I am not special

There’s this saying that goes around “God only gives special kids to special people”. I’ve read it and  heard it during this journey with Cri du Chat Syndrome, and I have to say that it drives me a little batty for a number of reasons. I’ve started and stopped this blog post a number of times over the last few months because I sometimes can’t get the thoughts in order but I’m gonna give it a go here today.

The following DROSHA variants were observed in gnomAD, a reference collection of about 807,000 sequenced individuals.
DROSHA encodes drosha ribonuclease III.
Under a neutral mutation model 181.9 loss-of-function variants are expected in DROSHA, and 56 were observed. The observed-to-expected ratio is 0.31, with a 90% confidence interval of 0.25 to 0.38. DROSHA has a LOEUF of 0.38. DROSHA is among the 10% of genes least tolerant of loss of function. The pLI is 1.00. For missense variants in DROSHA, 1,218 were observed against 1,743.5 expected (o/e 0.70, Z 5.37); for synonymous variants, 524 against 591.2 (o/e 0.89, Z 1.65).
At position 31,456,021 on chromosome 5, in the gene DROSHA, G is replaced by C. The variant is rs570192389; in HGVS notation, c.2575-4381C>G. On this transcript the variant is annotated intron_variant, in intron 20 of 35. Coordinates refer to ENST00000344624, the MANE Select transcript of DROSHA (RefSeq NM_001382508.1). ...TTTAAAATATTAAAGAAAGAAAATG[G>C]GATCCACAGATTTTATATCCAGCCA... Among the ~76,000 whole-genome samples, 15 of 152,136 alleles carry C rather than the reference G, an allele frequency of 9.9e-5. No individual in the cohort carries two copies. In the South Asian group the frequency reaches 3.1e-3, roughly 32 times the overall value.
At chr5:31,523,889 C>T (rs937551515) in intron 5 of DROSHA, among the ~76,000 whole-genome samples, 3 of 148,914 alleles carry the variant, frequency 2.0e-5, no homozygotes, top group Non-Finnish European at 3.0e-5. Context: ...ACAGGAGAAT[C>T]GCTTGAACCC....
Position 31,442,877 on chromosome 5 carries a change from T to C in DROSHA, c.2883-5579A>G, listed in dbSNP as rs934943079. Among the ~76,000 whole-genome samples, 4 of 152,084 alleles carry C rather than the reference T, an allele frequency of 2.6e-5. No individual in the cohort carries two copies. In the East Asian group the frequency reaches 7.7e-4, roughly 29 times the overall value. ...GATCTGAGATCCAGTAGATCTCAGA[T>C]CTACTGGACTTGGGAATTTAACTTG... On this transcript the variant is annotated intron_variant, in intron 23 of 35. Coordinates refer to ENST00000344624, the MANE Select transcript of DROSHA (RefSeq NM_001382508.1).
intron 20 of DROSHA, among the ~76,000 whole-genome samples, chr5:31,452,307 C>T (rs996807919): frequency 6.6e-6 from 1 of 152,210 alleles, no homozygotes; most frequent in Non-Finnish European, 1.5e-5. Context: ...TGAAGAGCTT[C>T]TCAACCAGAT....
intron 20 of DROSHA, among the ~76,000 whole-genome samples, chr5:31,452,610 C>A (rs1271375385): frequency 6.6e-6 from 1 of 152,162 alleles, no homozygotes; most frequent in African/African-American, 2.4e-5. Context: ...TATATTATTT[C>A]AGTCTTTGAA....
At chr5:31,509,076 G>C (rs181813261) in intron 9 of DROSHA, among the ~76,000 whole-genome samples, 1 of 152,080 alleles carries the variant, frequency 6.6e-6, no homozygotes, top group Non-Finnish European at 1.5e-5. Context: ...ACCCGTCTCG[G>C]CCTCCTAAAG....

First of all, I’m not special. I’m really not, particularly in the way that this quote intends. I am a mom who is committed to her kids, always tired, sometimes frustrated but overall, pretty darned happy. Sound familiar? I have a child that was born with Cri du Chat Syndrome but that doesn’t automatically qualify me as special. If you had asked me before Eli was born if I could take care of a child with exceptionalities, I would have said “Sorry, but no thanks”. At the time, I would have thought that I “didn’t have it in me”. In reality, I just didn’t understand the whole picture. I, like many, subconsciously looked at people with any type of disability with a bit of pity mixed with fear. It pains me to say that now, but it’s true. I didn't realize it at the time but, even though I would have said that I was an open and empathetic person, I actually saw people who were differently-abled than myself for what they couldn't do. It’s not a proud realization but one that I feel is important to share because, if I felt that way, I know that other people may feel it too. I know now how wrong I was and I’ve learned so much from being around and learning more from many different people with different diagnoses. Thank goodness I see a much more full and real picture, but that was something that was learned (and is still being learned), not innately in me already.